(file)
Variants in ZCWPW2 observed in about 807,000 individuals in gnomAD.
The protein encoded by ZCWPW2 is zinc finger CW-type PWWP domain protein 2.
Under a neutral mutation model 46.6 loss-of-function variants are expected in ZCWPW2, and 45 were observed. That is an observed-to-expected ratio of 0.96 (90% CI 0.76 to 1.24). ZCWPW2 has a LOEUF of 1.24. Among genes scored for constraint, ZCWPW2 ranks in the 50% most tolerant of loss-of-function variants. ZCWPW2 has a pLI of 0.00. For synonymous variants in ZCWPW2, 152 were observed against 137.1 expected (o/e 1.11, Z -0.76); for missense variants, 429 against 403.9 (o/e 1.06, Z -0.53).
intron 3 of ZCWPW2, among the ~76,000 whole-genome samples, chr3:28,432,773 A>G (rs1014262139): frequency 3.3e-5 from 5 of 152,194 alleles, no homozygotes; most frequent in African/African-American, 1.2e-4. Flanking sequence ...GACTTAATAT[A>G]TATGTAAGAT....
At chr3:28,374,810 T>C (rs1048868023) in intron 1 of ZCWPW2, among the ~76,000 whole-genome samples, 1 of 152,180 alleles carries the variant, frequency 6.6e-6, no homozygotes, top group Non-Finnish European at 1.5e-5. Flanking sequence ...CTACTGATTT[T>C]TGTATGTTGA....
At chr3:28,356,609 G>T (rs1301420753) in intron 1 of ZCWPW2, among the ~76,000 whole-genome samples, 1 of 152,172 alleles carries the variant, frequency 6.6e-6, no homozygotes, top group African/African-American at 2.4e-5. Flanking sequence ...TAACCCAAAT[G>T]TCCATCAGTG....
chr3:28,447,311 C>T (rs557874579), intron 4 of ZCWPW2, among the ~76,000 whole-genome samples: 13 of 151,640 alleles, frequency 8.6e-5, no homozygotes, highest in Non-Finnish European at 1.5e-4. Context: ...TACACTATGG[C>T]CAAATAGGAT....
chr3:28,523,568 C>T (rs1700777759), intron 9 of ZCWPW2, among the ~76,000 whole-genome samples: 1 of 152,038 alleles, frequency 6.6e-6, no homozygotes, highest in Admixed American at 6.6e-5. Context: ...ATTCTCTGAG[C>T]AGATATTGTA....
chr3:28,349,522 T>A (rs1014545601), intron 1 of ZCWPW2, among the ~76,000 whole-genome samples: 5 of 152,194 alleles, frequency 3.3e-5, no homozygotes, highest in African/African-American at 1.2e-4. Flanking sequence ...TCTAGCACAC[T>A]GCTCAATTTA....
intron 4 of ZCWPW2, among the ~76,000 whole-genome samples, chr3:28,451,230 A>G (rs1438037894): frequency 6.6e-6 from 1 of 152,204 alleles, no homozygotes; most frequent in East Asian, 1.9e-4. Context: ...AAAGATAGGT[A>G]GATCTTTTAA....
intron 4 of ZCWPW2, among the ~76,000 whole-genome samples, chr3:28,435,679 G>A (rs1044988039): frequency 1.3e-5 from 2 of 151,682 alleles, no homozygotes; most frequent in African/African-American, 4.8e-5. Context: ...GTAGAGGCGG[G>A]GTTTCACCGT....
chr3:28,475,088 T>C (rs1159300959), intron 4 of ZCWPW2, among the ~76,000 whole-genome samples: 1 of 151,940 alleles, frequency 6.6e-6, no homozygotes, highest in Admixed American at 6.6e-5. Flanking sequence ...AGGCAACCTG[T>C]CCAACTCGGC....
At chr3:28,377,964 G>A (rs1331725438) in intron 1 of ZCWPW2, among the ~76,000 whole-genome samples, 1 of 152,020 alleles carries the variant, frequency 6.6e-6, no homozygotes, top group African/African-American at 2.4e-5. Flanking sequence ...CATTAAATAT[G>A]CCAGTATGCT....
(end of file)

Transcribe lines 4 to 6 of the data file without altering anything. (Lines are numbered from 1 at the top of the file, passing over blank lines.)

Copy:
intron 3 of ZCWPW2, among the ~76,000 whole-genome samples, chr3:28,432,773 A>G (rs1014262139): frequency 3.3e-5 from 5 of 152,194 alleles, no homozygotes; most frequent in African/African-American, 1.2e-4. Flanking sequence ...GACTTAATAT[A>G]TATGTAAGAT....
At chr3:28,374,810 T>C (rs1048868023) in intron 1 of ZCWPW2, among the ~76,000 whole-genome samples, 1 of 152,180 alleles carries the variant, frequency 6.6e-6, no homozygotes, top group Non-Finnish European at 1.5e-5. Flanking sequence ...CTACTGATTT[T>C]TGTATGTTGA....
At chr3:28,356,609 G>T (rs1301420753) in intron 1 of ZCWPW2, among the ~76,000 whole-genome samples, 1 of 152,172 alleles carries the variant, frequency 6.6e-6, no homozygotes, top group African/African-American at 2.4e-5. Flanking sequence ...TAACCCAAAT[G>T]TCCATCAGTG....